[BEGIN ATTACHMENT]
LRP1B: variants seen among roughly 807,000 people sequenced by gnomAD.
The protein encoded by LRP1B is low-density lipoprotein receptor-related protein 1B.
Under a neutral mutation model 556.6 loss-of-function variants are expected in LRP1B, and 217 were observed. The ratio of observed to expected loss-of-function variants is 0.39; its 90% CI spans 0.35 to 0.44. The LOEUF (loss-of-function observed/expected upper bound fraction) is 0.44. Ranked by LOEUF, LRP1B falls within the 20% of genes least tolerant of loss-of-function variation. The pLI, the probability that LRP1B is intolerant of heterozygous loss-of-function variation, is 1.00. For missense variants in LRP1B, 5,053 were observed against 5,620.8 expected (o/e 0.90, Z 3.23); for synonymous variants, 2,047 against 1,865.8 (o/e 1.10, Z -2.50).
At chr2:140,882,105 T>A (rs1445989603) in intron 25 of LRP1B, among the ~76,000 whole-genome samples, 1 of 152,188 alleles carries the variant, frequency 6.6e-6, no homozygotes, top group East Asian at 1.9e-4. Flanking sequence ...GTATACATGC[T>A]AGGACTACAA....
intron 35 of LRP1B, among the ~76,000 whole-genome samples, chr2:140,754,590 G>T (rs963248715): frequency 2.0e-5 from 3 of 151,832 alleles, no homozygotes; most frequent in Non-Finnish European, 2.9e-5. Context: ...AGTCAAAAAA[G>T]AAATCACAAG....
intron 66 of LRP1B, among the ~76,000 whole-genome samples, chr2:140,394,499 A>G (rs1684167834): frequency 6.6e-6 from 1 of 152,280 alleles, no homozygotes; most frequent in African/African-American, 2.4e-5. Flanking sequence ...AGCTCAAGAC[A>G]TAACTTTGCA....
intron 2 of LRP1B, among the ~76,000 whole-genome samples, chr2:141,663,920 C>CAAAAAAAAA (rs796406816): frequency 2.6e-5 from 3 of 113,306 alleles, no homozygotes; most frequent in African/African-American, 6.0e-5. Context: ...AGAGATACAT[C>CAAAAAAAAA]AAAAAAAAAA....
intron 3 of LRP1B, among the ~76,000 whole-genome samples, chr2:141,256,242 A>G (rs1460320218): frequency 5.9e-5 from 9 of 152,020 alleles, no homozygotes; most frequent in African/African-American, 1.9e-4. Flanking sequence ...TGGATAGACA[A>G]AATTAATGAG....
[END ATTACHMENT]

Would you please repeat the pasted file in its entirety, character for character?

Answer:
LRP1B: variants seen among roughly 807,000 people sequenced by gnomAD.
The protein encoded by LRP1B is low-density lipoprotein receptor-related protein 1B.
Under a neutral mutation model 556.6 loss-of-function variants are expected in LRP1B, and 217 were observed. The ratio of observed to expected loss-of-function variants is 0.39; its 90% CI spans 0.35 to 0.44. The LOEUF (loss-of-function observed/expected upper bound fraction) is 0.44. Ranked by LOEUF, LRP1B falls within the 20% of genes least tolerant of loss-of-function variation. The pLI, the probability that LRP1B is intolerant of heterozygous loss-of-function variation, is 1.00. For missense variants in LRP1B, 5,053 were observed against 5,620.8 expected (o/e 0.90, Z 3.23); for synonymous variants, 2,047 against 1,865.8 (o/e 1.10, Z -2.50).
At chr2:140,882,105 T>A (rs1445989603) in intron 25 of LRP1B, among the ~76,000 whole-genome samples, 1 of 152,188 alleles carries the variant, frequency 6.6e-6, no homozygotes, top group East Asian at 1.9e-4. Flanking sequence ...GTATACATGC[T>A]AGGACTACAA....
intron 35 of LRP1B, among the ~76,000 whole-genome samples, chr2:140,754,590 G>T (rs963248715): frequency 2.0e-5 from 3 of 151,832 alleles, no homozygotes; most frequent in Non-Finnish European, 2.9e-5. Context: ...AGTCAAAAAA[G>T]AAATCACAAG....
intron 66 of LRP1B, among the ~76,000 whole-genome samples, chr2:140,394,499 A>G (rs1684167834): frequency 6.6e-6 from 1 of 152,280 alleles, no homozygotes; most frequent in African/African-American, 2.4e-5. Flanking sequence ...AGCTCAAGAC[A>G]TAACTTTGCA....
intron 2 of LRP1B, among the ~76,000 whole-genome samples, chr2:141,663,920 C>CAAAAAAAAA (rs796406816): frequency 2.6e-5 from 3 of 113,306 alleles, no homozygotes; most frequent in African/African-American, 6.0e-5. Context: ...AGAGATACAT[C>CAAAAAAAAA]AAAAAAAAAA....
intron 3 of LRP1B, among the ~76,000 whole-genome samples, chr2:141,256,242 A>G (rs1460320218): frequency 5.9e-5 from 9 of 152,020 alleles, no homozygotes; most frequent in African/African-American, 1.9e-4. Flanking sequence ...TGGATAGACA[A>G]AATTAATGAG....